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From Products Liability Law Daily, August 28, 2015

Senators call for NHTSA to increase early warning reporting requirements for automakers

By John Dumoulin

Senators Edward J. Markey (D-Mass) and Richard Blumenthal (D-Conn), both members of the Commerce, Science and Transportation Committee, have written a letter to the administrator of the National Highway Traffic Safety Administration (NHTSA) reiterating a request that he call for a rulemaking to increase early warning reporting requirements for automakers so that more potentially life-saving information can be made available to NHTSA and the public (Markey-Blumenthal Letter, August 27, 2015).

The senators said that in light of the deaths associated with the General Motors ignition switch recall and the Takata airbag recalls, “additional rules to ensure transparency and early defect detection are badly needed to ensure the next fatal defect can be remedied as soon as possible.”

Markey and Blumenthal said that an appropriate rulemaking from NHTSA “should require automobile and equipment manufacturers to automatically submit accident reports or other documents that first alert them to a fatality involving their vehicle or equipment to the NHTSA Early Warning Reporting (EWR) database.” They said the rulemaking also should ensure that NHTSA makes those documents and other relevant information public in an online, searchable database.

The letter cited the examples of the GM ignition switch and Takata airbag defects to argue that if relevant information had been made public earlier, many of the subsequent deaths and injuries could have been avoided. The senators said that the GM defect was identified correctly in a 2007 document that the company submitted to NHTSA related to the deaths of two Wisconsin teenagers, but the document was not made public until May 2014. They said the Takata defect was known to Honda and Takata when an Oklahoma teenager was killed by an exploding airbag in 2009, but Honda never reported the fatality to NHTSA’s EWR database, although a secret court settlement was reached over the incident. The senators noted that both these failures were mentioned in a June 2015 audit report by the Transportation Department Inspector General that detailed “the systematic failures of NHTSA to acquire and properly analyze safety-related data.”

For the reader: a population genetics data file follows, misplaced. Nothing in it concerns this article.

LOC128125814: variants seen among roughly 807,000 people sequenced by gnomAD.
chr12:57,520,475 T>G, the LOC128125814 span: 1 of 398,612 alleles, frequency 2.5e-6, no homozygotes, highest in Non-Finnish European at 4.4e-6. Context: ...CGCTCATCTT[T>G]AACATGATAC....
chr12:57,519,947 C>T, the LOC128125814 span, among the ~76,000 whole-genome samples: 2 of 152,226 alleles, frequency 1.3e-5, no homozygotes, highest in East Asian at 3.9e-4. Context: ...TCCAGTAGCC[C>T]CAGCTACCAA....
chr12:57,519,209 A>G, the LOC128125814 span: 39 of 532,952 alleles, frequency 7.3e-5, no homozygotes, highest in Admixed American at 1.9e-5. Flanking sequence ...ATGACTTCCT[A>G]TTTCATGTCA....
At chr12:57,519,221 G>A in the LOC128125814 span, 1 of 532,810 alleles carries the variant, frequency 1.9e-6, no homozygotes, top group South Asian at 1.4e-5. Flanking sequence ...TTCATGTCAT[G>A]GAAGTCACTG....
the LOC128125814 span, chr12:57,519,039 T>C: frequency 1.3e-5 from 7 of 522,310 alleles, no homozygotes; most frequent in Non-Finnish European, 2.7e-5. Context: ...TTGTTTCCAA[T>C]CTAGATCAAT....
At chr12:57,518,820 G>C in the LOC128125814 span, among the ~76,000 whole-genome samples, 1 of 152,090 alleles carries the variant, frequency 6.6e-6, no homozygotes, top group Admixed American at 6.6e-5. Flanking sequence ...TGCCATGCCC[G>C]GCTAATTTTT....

Markey and Blumenthal noted that NHTSA had recently taken enforcement action to fine and increase oversight of Fiat Chrysler Automobiles over the company’s improper handling of 23 vehicle safety recalls. The agency has required Fiat Chrysler to provide it “with comprehensive reporting on each death or injury incident that is reportable to NHTSA.” The senators said that while this enforcement action is an improvement over the current system and follows some of the measures they put forth in the Early Warning Reporting System Improvement Act, it was still inadequate since it does not require public disclosure of the information and since it only applies to one automaker.

According to a press release issued by Markey, the Early Warning Reporting System Improvement Act referred to in the letter would require reporting and public disclosure requirements similar to those the senators are requesting in the letter and would also “require NHTSA to consider Early Warning Reporting information when it is investigating potential safety defects and when it is evaluating citizen petitions for automobile safety standards or enforcement actions.”

Toward the conclusion of the letter, the senators said that the longer NHTSA waits to issue the requirements they are requesting, the higher will be the chance that the next fatal defect will go undetected.

Companies: American Honda Motor Co.; Chrysler; FCA US LLC; General Motors LLC; TK Holdings, Inc. (Takata)

MainStory: TopStory IndustryNews NHTSANews MotorVehiclesNews

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